In 1986, Llewellyn Owen’s daughter Gwyneth Owen gifted to the Ashburton Museum assorted material relating to Llewellyn, a school teacher, private music teacher, composer, conductor, accompanist and solo performer. He lived in Ashburton from 1890 – 1917. Margaret Bean, a voluntary archivist at the museum from 1993 – 1917 began compiling some details about his life to accompany that material. That project grew to become this book.
Llewellyn Owen was the youngest son of a family who emigrated from England to New Zealand in 1879 – he was eight years old. There were four boys in the family. At a young age, Llewellyn showed considerable musical talent. He obtained music qualifications after some years of study with no clear path of instruction. He was well-liked and in many reports of concerts and social events, his talents were in high demand.
Later on, Llewellyn trained as a primary school teacher taking up a position as an Assistant Master at Ashburton School. He resigned after 18 months to persue a career in music. He then returned to teach in Lyttleton. During his career he also worked as a composer, accompanist and a conductor.
The Gates family dominated the local music scene in Ashburton and were firmly established by the time Llewellyn arrived. They remained so during his time in the town.
Richard Wood, violinist of Timaru also had an impact on the Ashburton music circles in the early 1890’s both as a performer and teacher of stringed instruments.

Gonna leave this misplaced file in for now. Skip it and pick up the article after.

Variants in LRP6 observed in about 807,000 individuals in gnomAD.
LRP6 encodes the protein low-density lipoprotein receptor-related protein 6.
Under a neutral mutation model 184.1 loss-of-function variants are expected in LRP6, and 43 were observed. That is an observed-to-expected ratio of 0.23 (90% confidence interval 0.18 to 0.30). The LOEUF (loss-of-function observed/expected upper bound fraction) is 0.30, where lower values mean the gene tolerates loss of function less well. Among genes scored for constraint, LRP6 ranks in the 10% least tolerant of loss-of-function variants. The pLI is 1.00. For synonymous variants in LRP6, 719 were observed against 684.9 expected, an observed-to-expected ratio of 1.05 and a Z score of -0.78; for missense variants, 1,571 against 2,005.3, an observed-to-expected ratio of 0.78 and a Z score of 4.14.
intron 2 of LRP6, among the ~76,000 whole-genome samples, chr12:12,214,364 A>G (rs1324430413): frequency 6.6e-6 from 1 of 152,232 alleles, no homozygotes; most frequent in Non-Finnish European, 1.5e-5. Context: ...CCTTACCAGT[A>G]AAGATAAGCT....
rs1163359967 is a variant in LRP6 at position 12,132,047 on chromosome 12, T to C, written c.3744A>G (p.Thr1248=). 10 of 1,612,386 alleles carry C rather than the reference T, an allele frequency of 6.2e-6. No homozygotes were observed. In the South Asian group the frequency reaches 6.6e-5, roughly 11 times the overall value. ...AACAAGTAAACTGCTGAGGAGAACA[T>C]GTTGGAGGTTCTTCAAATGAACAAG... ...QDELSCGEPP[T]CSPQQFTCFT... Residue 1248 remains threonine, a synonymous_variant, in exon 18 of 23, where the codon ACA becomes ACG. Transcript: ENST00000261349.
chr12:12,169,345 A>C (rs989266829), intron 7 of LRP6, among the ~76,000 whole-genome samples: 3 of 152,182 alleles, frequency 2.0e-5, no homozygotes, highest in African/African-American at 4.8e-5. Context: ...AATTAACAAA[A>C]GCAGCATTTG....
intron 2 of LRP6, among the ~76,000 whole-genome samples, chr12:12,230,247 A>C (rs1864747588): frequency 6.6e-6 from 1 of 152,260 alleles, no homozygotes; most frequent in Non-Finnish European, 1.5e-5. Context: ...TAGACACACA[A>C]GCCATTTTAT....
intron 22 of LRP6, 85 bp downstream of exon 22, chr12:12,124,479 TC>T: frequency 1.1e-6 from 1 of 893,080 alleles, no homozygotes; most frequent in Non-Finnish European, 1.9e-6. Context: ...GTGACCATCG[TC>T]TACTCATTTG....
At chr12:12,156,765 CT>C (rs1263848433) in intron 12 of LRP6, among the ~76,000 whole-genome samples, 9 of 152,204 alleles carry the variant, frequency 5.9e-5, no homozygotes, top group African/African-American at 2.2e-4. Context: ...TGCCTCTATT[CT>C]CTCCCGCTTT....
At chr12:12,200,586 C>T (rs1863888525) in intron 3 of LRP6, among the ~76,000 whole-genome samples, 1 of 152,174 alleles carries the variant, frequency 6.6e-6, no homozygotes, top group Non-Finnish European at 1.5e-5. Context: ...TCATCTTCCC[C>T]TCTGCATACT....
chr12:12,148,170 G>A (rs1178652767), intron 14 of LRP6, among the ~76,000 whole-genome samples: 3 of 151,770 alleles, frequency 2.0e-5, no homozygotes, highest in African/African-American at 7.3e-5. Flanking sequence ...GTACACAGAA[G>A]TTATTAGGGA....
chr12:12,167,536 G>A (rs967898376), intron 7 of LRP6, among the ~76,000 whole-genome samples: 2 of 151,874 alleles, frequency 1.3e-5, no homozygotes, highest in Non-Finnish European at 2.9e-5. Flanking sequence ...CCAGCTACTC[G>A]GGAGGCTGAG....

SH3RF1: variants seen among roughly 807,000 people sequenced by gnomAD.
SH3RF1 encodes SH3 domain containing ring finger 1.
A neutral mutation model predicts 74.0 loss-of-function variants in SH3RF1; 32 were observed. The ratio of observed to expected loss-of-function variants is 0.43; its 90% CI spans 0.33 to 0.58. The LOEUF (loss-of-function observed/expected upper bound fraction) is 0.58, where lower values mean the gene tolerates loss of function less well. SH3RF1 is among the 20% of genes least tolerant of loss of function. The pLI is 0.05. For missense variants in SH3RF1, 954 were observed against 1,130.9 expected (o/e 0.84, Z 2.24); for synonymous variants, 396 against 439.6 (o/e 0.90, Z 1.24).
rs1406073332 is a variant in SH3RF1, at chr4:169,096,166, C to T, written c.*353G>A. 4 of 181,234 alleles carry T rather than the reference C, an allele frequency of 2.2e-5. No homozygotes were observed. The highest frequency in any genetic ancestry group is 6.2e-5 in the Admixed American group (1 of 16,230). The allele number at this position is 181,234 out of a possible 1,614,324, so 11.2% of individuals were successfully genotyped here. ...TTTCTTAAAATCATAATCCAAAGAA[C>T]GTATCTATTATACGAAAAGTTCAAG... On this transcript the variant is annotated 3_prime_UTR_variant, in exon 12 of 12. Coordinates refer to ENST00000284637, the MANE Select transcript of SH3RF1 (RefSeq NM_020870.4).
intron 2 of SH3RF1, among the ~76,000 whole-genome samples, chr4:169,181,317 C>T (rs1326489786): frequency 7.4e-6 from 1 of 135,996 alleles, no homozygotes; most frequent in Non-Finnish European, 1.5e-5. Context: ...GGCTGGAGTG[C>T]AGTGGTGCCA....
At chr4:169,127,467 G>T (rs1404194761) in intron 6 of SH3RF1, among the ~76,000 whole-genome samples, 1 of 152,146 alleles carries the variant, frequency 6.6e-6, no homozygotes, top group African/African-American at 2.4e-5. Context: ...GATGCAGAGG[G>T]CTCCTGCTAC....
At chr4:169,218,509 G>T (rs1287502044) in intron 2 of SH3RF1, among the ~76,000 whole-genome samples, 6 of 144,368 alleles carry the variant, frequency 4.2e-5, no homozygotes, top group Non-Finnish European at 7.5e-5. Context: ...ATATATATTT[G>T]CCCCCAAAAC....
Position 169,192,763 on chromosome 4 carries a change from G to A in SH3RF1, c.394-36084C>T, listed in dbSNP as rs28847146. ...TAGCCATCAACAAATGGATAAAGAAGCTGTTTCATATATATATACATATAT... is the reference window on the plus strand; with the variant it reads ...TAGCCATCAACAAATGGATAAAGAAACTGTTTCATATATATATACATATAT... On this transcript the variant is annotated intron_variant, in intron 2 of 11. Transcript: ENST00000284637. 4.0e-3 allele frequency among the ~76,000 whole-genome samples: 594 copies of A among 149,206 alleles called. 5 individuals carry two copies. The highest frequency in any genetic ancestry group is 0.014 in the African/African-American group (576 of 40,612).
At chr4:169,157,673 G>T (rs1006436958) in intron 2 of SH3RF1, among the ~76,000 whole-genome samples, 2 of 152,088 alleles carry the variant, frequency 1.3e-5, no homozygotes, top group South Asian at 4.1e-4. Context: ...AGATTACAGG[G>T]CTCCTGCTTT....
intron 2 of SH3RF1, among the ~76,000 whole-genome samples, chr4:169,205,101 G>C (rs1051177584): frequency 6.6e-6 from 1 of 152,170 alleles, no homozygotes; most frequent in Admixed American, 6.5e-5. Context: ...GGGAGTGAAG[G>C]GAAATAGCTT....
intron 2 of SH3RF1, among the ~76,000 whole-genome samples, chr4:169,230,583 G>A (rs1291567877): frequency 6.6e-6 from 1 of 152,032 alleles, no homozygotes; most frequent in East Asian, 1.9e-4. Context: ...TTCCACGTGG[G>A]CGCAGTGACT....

The Woods and Gates families both figured prominently in early orchestral performances, along with Llewellyn Owen.
Llewellyn Owen’s time in Ashburton may be divided into four periods:
1890 – 95 Appointment to staff of Ashburton District School ending as
Choir leader of the Methodist Wesleyan Choir Society
1896 – 1902 6 years of intense musical society activity marred by eye
problems – sought treatment in Europe.
1903 – 1908 Returned from Europe; marriage, birth of first child.
1909 – 1917 Visiting music teacher at local high school until his departure
from Ashburton and return to primary teaching.
Llewellyn Owen also had a number of his original compositions published. In this book seven of his musical works have been included, one of which was discovered during Margaret Bean’s research, as well as a CD of his music. The CD is included with this book.
As a non-musician I found this book intriguing. New Zealand was a very different world to today. Music was a very important part of life in small towns and cities throughout New Zealand as entertainment and as a suitable accomplishment for women, along with painting and embroidery. This book is a glimpse into the social history of Ashburton and its surrounds, and an important record of that time in New Zealand.
Reviewed by Christine Frayling
A Passionate Affair – Llewellyn Owen & Music
by Margaret Bean
Published by Steele Roberts